Through a revolving account at FJC, a donor passionate about the environment has provided financing to create a state-of-the-art transitional shelter for New York City homeless families, through an innovative philanthropic partnership with the New York City Energy Efficiency Corporation (NYCEEC).
The donor has created a revolving account at FJC that NYCEEC can use to cover critical project activities like energy modeling, feasibility analysis, design drawings, and land-use approvals. These costs are reimbursable when construction financing closes, allowing funds in the FJC account to be redeployed for NYCEEC’s future worthy projects.
NYCEEC will use the capital to fund early-stage predevelopment work on the adaptive reuse of a former nurses’ residence on the Greenpoint Hospital campus in Brooklyn. The renovated building will provide state of the art temporary accommodation to 200 of New York City’s most vulnerable residents. The shelter is expected to achieve LEED Gold certification. Savings in greenhouse gas emissions compared to conventional construction are projected to be 384 metric tonnes of carbon dioxide equivalent per year.
The shelter is a component of the $212.7 million redevelopment of the Greenpoint Hospital campus, in East Williamsburg, Brooklyn. The redevelopment project is the culmination of years of advocacy by a consortium of neighborhood-based organizations, led by the nonprofit St. Nick’s Alliance. The development will also include apartments for extremely low-income and very low-income residents and seniors, a community facility, and a network of new open spaces to connect the campus to the surrounding neighborhood. A partnership between St. Nick’s Alliance, Project Renewal, and Hudson Companies was designated by New York City to redevelop the site, which has been primarily vacant since 1982 when the Greenpoint Hospital was closed.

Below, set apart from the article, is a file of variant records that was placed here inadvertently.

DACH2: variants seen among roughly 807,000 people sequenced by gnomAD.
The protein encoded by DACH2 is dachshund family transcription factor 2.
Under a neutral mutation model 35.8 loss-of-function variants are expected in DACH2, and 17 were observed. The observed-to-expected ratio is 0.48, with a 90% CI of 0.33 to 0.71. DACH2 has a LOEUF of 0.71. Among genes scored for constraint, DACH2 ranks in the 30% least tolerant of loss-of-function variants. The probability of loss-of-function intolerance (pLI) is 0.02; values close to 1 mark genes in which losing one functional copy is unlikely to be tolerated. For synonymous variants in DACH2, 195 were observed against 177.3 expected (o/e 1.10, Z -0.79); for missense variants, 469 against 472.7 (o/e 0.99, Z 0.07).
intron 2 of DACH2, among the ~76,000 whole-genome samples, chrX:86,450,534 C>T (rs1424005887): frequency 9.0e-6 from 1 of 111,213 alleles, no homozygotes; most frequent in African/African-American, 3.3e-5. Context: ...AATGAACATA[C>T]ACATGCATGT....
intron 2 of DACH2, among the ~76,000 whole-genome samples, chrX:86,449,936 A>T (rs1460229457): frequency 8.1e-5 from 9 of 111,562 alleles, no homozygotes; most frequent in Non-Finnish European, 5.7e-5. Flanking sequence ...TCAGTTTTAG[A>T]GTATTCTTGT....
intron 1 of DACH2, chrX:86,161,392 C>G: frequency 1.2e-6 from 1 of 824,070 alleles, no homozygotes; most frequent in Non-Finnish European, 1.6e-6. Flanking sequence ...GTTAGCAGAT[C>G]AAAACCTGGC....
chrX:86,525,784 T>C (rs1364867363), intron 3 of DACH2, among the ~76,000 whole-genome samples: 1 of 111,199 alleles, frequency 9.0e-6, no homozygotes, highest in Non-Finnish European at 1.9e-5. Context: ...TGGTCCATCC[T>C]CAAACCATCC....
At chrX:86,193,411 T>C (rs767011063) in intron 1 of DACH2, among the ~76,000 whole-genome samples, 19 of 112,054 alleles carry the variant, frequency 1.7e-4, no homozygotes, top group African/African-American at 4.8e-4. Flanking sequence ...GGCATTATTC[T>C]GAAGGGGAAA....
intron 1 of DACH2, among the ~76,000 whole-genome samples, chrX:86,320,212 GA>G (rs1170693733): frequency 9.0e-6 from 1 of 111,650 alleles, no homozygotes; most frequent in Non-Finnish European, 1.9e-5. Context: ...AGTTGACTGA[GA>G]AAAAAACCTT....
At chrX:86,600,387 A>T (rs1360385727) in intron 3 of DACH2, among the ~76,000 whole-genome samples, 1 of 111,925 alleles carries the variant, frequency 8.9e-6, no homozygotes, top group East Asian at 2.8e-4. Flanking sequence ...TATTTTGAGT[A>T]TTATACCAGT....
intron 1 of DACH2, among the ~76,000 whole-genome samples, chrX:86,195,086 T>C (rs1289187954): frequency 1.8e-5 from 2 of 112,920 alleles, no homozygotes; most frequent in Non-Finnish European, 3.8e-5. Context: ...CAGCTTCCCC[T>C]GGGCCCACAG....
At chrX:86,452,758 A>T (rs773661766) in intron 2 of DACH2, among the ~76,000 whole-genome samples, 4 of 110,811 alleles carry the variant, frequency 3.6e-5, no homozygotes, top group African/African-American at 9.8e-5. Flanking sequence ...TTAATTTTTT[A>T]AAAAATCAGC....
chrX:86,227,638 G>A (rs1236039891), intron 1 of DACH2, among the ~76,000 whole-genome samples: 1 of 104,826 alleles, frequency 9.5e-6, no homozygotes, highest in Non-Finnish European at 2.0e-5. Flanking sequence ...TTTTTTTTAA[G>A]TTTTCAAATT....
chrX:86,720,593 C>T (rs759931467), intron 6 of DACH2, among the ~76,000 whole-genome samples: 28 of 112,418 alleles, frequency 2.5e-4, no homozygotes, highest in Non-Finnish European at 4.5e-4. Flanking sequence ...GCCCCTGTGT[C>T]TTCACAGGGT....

Philanthropic capital from FJC will fund over one-third of NYCEEC’s $1.3 million predevelopment loan. “We allocate capital from a range of public and private sources for projects like this,” explains Jay Merves, NYCEEC’s Director of Business Development. “Many of our capital providers put geographic or other restrictions on the use of their capital, so the flexibility of funds from the FJC donor is vital in allowing NYCEEC to provide financing for clean energy projects in underserved communities.”